Oh So Confusing...

Is it recyclable, biodegradable, compostable? Nichols hosted the Essentials of Sustainable Packaging in our Rochester Hills branch recently, a program of the Sustainable Packaging Coalition, a project of GreenBlue. The answers to the whether something is recyclable, biodegradable or compostable can be very confusing and then add to that bio-based versus non-bio-based options, 3rd party certifications and many more related topics. We are going to spend a few blog posts trying to sort through some of this for you but we wanted to share one topic right now because we get asked this question often about trash can liners. Finally, a position paper from the Sustainable Packaging Coalition about the use of additives to plastics and whether they work or what environmental issues they can create. We are providing a link to the full report from the Sustainable Packaging Coalition, however the last statement in their position paper: “Barring significant advancements, the SPC’s position is firmly against the use of any biodegradability additive in any petroleum-based plastic” is ultimately the message. Read the full paper

Approximately 10 years ago Nichols was introduced to trash can liners with Oxo additives and we were skeptical about the validity of such a process. There was little research at the time but we did find some being conducted in Europe which gave us a hunch that we shouldn’t venture down this path and offer to our customers any longer.  Here is a link to an article that may be easier reading.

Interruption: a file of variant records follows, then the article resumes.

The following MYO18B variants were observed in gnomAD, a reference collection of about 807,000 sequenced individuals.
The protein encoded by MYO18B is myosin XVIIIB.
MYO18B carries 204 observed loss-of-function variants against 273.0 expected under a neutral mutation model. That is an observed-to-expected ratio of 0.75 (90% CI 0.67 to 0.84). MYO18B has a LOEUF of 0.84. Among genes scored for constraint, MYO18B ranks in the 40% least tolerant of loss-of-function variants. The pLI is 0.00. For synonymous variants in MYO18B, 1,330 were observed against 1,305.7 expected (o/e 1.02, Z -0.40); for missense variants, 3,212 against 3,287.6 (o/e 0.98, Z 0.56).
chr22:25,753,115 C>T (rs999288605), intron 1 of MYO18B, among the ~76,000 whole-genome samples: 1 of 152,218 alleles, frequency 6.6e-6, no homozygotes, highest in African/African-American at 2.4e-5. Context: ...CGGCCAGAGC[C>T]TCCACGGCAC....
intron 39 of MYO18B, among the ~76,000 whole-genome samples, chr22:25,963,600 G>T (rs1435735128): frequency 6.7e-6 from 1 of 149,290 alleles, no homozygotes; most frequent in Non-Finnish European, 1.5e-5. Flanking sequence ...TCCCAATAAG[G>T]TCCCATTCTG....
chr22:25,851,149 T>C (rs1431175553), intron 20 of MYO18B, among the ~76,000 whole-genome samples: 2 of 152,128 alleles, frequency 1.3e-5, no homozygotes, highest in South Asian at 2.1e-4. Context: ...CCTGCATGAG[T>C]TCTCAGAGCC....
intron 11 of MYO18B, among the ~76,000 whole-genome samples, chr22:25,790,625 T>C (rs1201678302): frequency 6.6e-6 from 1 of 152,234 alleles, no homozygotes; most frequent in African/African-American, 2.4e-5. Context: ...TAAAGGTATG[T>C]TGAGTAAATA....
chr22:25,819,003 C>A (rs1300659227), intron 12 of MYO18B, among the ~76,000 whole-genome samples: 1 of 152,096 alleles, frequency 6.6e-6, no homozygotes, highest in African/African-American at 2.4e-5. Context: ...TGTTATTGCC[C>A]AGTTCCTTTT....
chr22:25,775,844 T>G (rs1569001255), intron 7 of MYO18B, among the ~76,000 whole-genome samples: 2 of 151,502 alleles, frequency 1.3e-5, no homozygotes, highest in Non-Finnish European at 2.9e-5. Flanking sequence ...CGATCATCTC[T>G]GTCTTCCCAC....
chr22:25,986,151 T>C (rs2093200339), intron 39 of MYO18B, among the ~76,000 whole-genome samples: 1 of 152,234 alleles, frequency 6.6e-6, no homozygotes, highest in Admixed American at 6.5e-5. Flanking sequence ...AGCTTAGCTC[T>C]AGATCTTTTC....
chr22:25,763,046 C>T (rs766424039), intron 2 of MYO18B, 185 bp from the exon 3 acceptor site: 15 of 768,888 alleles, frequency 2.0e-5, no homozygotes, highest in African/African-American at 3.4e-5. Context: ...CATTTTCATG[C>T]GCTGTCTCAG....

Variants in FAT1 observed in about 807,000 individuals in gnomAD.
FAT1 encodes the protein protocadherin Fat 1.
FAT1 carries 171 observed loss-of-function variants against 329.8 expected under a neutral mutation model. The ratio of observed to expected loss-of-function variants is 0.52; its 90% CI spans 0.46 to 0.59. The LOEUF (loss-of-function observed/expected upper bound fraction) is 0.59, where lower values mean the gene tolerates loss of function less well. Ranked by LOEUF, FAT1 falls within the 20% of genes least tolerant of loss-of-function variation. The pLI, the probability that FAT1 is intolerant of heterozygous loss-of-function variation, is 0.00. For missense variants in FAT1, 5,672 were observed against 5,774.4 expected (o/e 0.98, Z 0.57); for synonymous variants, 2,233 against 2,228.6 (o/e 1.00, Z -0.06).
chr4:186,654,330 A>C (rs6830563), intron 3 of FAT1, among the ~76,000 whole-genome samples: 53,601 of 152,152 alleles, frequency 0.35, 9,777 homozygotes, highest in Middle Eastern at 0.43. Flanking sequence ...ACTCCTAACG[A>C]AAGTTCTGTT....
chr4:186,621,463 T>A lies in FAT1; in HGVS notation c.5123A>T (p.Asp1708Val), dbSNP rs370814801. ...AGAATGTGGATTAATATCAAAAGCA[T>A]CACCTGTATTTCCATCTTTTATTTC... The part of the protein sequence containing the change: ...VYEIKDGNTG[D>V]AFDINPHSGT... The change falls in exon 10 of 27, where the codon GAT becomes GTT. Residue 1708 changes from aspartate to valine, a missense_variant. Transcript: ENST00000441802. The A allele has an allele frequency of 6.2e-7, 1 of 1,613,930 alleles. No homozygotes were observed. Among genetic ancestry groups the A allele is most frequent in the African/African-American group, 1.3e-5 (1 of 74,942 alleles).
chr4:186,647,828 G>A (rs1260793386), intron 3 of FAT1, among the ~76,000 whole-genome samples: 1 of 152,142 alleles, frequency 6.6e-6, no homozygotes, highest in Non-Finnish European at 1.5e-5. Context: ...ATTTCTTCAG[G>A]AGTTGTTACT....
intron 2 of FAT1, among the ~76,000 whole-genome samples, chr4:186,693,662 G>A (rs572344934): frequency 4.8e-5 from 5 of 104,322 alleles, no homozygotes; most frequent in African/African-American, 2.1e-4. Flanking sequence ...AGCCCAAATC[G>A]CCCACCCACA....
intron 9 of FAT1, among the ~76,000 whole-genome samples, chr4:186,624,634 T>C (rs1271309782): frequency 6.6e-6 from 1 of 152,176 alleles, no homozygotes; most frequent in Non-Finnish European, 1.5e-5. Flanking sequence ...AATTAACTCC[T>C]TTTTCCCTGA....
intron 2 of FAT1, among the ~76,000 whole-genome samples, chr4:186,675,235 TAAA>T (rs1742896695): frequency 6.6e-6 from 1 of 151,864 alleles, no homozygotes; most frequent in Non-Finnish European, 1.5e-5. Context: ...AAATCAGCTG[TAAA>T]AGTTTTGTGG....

For those of you who want to be more sustainable with your cleaning programs, Nichols offers options in trash can liners. For liners that hold materials that will be sent to landfill, and to help close the recycling loop and meet LEED standards for a Green Cleaning Program, the recommendation is to use can liners that have a minimum of 10% post-consumer recycled content. Nichols carries two options that qualify: Heritage Bag (contain 10% minimum post-consumer) and Petoskey Plastics (a low density, 70% post-consumer recycled content and made in Michigan).

For those of you who are composting on a commercial scale, certification of the liner is important. For a compostable bag the Biodegradable Products Institute (BPI) certification and the testing standard ASTM-6400 is what you want to look for. Nichols offers the Biotuf brand of liners by Heritage Bag that meet this criteria and have been tested in some commercial composters in Michigan.

We hope this clears up some confusion for you, we will post more knowledge that we learned today from this workshop over the next few weeks.